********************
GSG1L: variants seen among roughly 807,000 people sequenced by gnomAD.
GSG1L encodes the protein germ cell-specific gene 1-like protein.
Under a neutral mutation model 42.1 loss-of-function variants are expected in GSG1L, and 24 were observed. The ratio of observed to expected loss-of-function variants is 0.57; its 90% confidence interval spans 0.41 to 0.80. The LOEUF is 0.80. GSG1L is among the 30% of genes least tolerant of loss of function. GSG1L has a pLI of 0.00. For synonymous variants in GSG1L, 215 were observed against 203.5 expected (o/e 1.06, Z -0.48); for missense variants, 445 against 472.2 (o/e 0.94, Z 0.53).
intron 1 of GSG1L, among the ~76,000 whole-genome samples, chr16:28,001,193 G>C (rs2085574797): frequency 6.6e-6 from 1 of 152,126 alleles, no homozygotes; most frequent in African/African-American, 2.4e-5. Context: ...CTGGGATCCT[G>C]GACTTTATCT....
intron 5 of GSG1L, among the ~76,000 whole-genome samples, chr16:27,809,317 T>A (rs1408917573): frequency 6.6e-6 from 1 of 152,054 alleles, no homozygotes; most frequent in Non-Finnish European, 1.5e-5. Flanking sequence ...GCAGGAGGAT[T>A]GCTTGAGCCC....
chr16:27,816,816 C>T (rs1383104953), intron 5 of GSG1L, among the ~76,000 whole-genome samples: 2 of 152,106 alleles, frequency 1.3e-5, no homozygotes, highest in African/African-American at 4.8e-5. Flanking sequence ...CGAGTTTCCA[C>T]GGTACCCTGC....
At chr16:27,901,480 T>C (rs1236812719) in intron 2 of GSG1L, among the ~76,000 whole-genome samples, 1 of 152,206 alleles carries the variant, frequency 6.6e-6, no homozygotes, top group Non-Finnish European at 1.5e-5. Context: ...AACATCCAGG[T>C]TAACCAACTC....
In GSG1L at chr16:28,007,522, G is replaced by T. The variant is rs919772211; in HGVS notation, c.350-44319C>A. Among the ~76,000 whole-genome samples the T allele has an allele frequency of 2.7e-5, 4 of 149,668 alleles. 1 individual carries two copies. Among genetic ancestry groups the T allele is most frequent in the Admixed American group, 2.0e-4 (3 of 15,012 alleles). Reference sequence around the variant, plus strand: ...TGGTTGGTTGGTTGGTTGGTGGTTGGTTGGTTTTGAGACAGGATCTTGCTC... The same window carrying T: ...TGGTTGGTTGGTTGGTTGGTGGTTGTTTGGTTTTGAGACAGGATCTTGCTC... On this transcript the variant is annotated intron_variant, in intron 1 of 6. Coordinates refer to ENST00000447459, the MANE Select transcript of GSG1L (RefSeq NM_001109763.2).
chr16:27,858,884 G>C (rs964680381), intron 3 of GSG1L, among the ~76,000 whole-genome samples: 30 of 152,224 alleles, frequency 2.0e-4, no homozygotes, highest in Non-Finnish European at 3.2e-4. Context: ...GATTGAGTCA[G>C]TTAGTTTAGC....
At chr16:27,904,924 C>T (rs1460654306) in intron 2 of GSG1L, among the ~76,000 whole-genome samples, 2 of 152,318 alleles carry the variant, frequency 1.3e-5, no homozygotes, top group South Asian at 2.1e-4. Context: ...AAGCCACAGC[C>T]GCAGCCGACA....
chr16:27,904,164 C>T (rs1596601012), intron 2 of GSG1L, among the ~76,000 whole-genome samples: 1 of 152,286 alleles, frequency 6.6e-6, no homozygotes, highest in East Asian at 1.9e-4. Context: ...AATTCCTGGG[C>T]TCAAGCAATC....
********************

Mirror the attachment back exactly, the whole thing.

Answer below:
GSG1L: variants seen among roughly 807,000 people sequenced by gnomAD.
GSG1L encodes the protein germ cell-specific gene 1-like protein.
Under a neutral mutation model 42.1 loss-of-function variants are expected in GSG1L, and 24 were observed. The ratio of observed to expected loss-of-function variants is 0.57; its 90% confidence interval spans 0.41 to 0.80. The LOEUF is 0.80. GSG1L is among the 30% of genes least tolerant of loss of function. GSG1L has a pLI of 0.00. For synonymous variants in GSG1L, 215 were observed against 203.5 expected (o/e 1.06, Z -0.48); for missense variants, 445 against 472.2 (o/e 0.94, Z 0.53).
intron 1 of GSG1L, among the ~76,000 whole-genome samples, chr16:28,001,193 G>C (rs2085574797): frequency 6.6e-6 from 1 of 152,126 alleles, no homozygotes; most frequent in African/African-American, 2.4e-5. Context: ...CTGGGATCCT[G>C]GACTTTATCT....
intron 5 of GSG1L, among the ~76,000 whole-genome samples, chr16:27,809,317 T>A (rs1408917573): frequency 6.6e-6 from 1 of 152,054 alleles, no homozygotes; most frequent in Non-Finnish European, 1.5e-5. Flanking sequence ...GCAGGAGGAT[T>A]GCTTGAGCCC....
chr16:27,816,816 C>T (rs1383104953), intron 5 of GSG1L, among the ~76,000 whole-genome samples: 2 of 152,106 alleles, frequency 1.3e-5, no homozygotes, highest in African/African-American at 4.8e-5. Flanking sequence ...CGAGTTTCCA[C>T]GGTACCCTGC....
At chr16:27,901,480 T>C (rs1236812719) in intron 2 of GSG1L, among the ~76,000 whole-genome samples, 1 of 152,206 alleles carries the variant, frequency 6.6e-6, no homozygotes, top group Non-Finnish European at 1.5e-5. Context: ...AACATCCAGG[T>C]TAACCAACTC....
In GSG1L at chr16:28,007,522, G is replaced by T. The variant is rs919772211; in HGVS notation, c.350-44319C>A. Among the ~76,000 whole-genome samples the T allele has an allele frequency of 2.7e-5, 4 of 149,668 alleles. 1 individual carries two copies. Among genetic ancestry groups the T allele is most frequent in the Admixed American group, 2.0e-4 (3 of 15,012 alleles). Reference sequence around the variant, plus strand: ...TGGTTGGTTGGTTGGTTGGTGGTTGGTTGGTTTTGAGACAGGATCTTGCTC... The same window carrying T: ...TGGTTGGTTGGTTGGTTGGTGGTTGTTTGGTTTTGAGACAGGATCTTGCTC... On this transcript the variant is annotated intron_variant, in intron 1 of 6. Coordinates refer to ENST00000447459, the MANE Select transcript of GSG1L (RefSeq NM_001109763.2).
chr16:27,858,884 G>C (rs964680381), intron 3 of GSG1L, among the ~76,000 whole-genome samples: 30 of 152,224 alleles, frequency 2.0e-4, no homozygotes, highest in Non-Finnish European at 3.2e-4. Context: ...GATTGAGTCA[G>C]TTAGTTTAGC....
At chr16:27,904,924 C>T (rs1460654306) in intron 2 of GSG1L, among the ~76,000 whole-genome samples, 2 of 152,318 alleles carry the variant, frequency 1.3e-5, no homozygotes, top group South Asian at 2.1e-4. Context: ...AAGCCACAGC[C>T]GCAGCCGACA....
chr16:27,904,164 C>T (rs1596601012), intron 2 of GSG1L, among the ~76,000 whole-genome samples: 1 of 152,286 alleles, frequency 6.6e-6, no homozygotes, highest in East Asian at 1.9e-4. Context: ...AATTCCTGGG[C>T]TCAAGCAATC....